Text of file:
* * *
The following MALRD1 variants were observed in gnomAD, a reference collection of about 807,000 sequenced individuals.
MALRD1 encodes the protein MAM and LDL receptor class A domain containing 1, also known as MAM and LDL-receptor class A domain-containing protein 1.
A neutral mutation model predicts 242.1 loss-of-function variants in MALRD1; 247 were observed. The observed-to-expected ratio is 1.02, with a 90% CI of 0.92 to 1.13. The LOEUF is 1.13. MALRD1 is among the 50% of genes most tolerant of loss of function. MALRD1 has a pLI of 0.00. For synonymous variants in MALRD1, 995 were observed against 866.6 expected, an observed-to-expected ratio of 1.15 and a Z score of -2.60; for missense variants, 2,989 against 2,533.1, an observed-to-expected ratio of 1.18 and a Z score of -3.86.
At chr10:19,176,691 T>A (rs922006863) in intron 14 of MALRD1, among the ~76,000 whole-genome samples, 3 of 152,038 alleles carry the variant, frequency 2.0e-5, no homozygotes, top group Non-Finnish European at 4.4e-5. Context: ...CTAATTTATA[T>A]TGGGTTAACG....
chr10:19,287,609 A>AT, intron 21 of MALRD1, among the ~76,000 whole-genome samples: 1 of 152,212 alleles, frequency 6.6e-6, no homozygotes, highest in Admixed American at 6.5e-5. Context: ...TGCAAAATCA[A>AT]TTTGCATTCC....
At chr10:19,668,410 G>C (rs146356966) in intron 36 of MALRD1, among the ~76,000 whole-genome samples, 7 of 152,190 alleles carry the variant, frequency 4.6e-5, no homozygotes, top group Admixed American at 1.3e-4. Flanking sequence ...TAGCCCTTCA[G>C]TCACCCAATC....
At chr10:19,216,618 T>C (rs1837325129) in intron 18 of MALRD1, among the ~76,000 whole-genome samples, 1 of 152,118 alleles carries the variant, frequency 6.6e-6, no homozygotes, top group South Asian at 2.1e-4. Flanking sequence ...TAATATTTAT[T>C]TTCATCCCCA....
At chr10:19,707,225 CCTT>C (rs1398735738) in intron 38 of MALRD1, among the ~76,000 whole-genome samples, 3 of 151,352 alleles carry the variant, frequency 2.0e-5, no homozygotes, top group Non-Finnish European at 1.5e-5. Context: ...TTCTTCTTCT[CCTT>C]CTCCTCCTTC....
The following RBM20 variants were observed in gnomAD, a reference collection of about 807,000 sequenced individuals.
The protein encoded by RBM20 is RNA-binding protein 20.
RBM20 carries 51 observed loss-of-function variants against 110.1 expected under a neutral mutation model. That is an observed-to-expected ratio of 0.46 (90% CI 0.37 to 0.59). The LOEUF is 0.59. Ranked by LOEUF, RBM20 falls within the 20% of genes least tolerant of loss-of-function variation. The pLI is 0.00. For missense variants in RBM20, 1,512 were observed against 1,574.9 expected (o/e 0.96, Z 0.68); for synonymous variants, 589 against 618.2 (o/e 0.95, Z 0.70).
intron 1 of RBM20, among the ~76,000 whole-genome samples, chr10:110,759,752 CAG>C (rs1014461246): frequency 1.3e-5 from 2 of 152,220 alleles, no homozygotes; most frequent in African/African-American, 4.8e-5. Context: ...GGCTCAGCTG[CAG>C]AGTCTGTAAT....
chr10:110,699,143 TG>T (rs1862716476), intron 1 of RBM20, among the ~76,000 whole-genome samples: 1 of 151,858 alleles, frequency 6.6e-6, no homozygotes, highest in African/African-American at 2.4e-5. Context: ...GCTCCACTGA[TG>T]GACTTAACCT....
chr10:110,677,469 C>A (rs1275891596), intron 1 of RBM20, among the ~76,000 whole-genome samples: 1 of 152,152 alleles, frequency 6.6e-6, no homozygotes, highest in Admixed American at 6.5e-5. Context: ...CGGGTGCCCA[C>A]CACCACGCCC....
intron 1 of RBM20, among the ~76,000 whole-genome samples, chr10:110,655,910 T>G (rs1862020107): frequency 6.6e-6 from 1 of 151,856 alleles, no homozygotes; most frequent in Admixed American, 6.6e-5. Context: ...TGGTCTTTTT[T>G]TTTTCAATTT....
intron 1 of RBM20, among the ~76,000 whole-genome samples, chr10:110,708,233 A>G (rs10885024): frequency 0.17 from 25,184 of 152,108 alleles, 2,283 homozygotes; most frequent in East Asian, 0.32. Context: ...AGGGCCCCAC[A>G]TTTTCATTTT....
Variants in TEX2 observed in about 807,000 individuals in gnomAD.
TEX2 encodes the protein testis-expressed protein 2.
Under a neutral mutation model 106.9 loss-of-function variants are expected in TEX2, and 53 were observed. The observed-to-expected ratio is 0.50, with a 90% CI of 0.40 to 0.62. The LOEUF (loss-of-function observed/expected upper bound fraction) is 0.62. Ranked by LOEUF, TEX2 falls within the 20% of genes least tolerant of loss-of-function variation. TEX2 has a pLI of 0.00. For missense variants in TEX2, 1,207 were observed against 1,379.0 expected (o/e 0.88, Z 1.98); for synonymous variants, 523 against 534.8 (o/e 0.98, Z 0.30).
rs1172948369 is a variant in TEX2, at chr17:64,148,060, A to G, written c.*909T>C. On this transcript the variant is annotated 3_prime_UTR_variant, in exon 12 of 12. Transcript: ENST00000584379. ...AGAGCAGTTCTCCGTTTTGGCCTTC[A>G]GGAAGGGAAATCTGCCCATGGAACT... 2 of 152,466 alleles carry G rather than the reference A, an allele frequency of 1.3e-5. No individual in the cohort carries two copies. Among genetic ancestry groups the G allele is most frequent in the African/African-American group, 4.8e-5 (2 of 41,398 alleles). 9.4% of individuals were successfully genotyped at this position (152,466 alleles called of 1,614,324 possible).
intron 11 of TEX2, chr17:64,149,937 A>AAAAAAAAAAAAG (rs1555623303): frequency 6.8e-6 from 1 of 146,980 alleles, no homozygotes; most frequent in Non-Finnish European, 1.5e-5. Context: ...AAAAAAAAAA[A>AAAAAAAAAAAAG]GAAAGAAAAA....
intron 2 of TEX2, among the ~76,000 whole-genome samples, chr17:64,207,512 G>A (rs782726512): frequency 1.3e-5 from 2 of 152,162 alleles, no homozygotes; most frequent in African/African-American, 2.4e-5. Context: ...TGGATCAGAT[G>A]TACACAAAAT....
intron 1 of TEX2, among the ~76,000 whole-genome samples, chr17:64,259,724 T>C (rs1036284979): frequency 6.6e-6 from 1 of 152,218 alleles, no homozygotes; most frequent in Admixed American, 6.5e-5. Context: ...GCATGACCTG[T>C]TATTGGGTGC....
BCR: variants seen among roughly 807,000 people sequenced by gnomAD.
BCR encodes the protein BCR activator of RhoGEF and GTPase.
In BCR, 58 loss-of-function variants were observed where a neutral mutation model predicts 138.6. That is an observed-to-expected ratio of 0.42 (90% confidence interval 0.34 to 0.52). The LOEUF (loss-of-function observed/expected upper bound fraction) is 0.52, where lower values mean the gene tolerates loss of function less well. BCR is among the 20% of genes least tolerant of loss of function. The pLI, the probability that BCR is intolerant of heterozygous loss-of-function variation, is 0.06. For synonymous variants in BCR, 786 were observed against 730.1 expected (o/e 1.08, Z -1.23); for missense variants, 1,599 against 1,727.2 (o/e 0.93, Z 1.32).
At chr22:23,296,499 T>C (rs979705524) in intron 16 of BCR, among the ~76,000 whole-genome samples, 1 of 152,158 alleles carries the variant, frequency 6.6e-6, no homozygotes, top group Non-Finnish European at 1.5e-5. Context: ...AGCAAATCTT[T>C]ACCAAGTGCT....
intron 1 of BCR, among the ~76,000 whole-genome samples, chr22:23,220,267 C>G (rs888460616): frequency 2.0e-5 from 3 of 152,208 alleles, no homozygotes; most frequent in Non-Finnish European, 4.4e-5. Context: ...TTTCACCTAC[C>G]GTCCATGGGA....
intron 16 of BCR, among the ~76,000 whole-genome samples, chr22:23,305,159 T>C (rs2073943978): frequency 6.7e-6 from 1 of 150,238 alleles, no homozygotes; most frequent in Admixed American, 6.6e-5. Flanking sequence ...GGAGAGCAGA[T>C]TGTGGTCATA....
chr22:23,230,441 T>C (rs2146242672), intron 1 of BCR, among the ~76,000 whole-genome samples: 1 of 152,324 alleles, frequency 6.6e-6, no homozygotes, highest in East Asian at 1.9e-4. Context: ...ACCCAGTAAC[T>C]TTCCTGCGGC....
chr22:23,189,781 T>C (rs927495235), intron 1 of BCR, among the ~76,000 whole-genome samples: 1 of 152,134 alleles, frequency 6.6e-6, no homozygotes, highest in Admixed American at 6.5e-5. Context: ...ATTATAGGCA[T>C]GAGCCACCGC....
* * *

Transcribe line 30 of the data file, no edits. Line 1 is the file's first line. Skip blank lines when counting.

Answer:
chr22:23,230,441 T>C (rs2146242672), intron 1 of BCR, among the ~76,000 whole-genome samples: 1 of 152,324 alleles, frequency 6.6e-6, no homozygotes, highest in East Asian at 1.9e-4. Context: ...ACCCAGTAAC[T>C]TTCCTGCGGC....